Table 1 -
Causes of recurrent abdominal pain with isolated paroxysms of periumbilical pain

The hemogram orientates about the presence of infections and hemolytic anemias. An altered erythrocyte sedimentation rate points to inflammatory diseases. Urine exams suggest infections or calculi. Parasitological examination of feces should be performed due to the high prevalence of parasites in our setting. The presence of blood in the feces points to intestinal inflammatory diseases. Abdominal X ray and ultrasound show the presence of renal and biliary calculi, anatomical malformations, and mainly occult constipation. A diagnostic approach of functional recurrent abdominal pain with isolated paroxysms of periumbilical pain is shown in Figure 1.

Figure 1 -
Algorithm for the diagnosis of functional recurrent abdominal pain with isolated paroxysms of periumbilical pain

There are alert signs and symptoms that suggest the organic origin of isolated paroxysms of abdominal pain, such as loss of weight, impaired growth, pain distal from the umbilical region, pain that awakes the child during the night, extraintestinal manifestations (fever, skin eruptions, articular pain, recurrent aphthae, and dysuria), presence of blood in feces, chronic diarrhea, anemia, elevated erythrocyte sedimentation rate, and familial history suggestive of ulcerous or inflammatory disease at the digestive tract (3,4). The presence of these alterations, associated with other more specific ones of organic causes, orient to the specific prognosis (Table 1).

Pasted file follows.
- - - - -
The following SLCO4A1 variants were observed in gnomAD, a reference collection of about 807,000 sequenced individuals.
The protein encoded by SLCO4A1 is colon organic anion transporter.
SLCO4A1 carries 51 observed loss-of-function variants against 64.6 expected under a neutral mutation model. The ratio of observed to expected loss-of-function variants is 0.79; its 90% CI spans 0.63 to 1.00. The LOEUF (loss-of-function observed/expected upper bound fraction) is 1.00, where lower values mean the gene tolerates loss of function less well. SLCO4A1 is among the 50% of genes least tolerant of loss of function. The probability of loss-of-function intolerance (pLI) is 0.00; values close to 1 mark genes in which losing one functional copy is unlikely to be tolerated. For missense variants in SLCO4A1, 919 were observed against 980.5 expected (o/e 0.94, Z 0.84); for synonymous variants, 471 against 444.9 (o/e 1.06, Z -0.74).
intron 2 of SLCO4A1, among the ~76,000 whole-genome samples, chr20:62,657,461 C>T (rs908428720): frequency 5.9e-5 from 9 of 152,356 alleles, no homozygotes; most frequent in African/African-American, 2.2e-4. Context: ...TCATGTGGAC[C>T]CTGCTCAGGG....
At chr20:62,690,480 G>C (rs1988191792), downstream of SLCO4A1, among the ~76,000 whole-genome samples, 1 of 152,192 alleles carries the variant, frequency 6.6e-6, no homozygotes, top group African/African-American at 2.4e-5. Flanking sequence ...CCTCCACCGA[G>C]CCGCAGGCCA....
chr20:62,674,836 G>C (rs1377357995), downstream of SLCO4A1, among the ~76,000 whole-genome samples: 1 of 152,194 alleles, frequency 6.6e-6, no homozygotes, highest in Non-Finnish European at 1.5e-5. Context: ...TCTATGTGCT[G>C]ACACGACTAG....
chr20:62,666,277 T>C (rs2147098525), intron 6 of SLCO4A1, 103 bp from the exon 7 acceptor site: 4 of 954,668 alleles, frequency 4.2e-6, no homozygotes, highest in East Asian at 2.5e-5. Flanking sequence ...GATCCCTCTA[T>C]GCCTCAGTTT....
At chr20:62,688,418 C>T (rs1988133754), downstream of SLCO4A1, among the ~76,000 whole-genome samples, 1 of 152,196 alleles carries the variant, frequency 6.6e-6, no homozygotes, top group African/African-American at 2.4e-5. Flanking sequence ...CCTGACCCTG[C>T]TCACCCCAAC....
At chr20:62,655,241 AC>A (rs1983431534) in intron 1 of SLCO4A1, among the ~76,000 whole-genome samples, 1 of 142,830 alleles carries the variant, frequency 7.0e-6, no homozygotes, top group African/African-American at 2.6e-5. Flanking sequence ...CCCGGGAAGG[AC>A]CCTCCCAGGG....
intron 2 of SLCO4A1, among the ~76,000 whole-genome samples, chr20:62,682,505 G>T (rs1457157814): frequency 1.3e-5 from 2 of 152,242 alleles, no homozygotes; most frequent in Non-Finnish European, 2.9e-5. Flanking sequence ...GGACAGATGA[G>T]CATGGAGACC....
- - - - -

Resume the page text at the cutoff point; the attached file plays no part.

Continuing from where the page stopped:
The treatment of functional recurrent abdominal pain should emphasize emotional factors through talks to the family, using a positive approach while the problem is exposed. As the transition from the organic to the functional focus occurs, the patient will feel relieved of pain, and will not need further cognitive-behavioral interventions. The first and most important step is the obtainment of a detailed history. In order to achieve this objective, it is necessary to let the family and the child talk; their bodies, their gestures, their voices have to be observed. Group and individual interviews with the parents and the child are essential components of this process. Details about the pain, about the familial, social, and school environment, and about familial and personal antecedents are important in order to compose the diagnosis. The pediatrician should try to identify why the seek for medical care happened at that exact moment of such a chronic process as recurrent abdominal pain, why the parents, and eventually the child, elected that specific episode of pain to set an appointment. Still, the pediatrician should value each episode of pain as being acute, considering that a child with recurrent abdominal pain is not free from developing an acute disease, such as appendicitis, for example. The treatment of functional recurrent abdominal pain, which starts at the first appointment, aims to: